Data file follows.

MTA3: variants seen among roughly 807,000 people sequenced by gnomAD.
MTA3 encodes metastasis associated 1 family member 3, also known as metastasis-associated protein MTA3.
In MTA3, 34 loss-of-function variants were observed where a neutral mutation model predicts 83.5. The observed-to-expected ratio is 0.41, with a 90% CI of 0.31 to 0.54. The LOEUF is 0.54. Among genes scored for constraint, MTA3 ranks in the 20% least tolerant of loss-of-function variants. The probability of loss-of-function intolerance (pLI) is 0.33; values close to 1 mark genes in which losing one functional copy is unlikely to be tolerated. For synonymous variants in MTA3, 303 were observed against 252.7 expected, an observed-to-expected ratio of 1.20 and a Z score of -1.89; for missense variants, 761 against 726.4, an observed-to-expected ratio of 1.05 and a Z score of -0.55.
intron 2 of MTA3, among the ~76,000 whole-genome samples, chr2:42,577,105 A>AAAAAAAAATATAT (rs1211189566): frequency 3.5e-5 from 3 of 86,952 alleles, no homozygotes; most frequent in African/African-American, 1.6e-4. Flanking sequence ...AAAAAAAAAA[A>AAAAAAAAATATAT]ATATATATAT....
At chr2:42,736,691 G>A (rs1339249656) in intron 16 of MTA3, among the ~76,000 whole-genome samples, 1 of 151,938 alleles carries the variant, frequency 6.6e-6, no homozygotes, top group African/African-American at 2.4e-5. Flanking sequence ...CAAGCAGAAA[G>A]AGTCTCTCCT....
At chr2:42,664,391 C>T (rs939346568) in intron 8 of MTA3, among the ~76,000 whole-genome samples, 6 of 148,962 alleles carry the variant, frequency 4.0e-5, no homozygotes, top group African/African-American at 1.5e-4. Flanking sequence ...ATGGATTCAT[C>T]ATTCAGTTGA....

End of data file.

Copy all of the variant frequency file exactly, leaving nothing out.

MTA3: variants seen among roughly 807,000 people sequenced by gnomAD.
MTA3 encodes metastasis associated 1 family member 3, also known as metastasis-associated protein MTA3.
In MTA3, 34 loss-of-function variants were observed where a neutral mutation model predicts 83.5. The observed-to-expected ratio is 0.41, with a 90% CI of 0.31 to 0.54. The LOEUF is 0.54. Among genes scored for constraint, MTA3 ranks in the 20% least tolerant of loss-of-function variants. The probability of loss-of-function intolerance (pLI) is 0.33; values close to 1 mark genes in which losing one functional copy is unlikely to be tolerated. For synonymous variants in MTA3, 303 were observed against 252.7 expected, an observed-to-expected ratio of 1.20 and a Z score of -1.89; for missense variants, 761 against 726.4, an observed-to-expected ratio of 1.05 and a Z score of -0.55.
intron 2 of MTA3, among the ~76,000 whole-genome samples, chr2:42,577,105 A>AAAAAAAAATATAT (rs1211189566): frequency 3.5e-5 from 3 of 86,952 alleles, no homozygotes; most frequent in African/African-American, 1.6e-4. Flanking sequence ...AAAAAAAAAA[A>AAAAAAAAATATAT]ATATATATAT....
At chr2:42,736,691 G>A (rs1339249656) in intron 16 of MTA3, among the ~76,000 whole-genome samples, 1 of 151,938 alleles carries the variant, frequency 6.6e-6, no homozygotes, top group African/African-American at 2.4e-5. Flanking sequence ...CAAGCAGAAA[G>A]AGTCTCTCCT....
At chr2:42,664,391 C>T (rs939346568) in intron 8 of MTA3, among the ~76,000 whole-genome samples, 6 of 148,962 alleles carry the variant, frequency 4.0e-5, no homozygotes, top group African/African-American at 1.5e-4. Flanking sequence ...ATGGATTCAT[C>T]ATTCAGTTGA....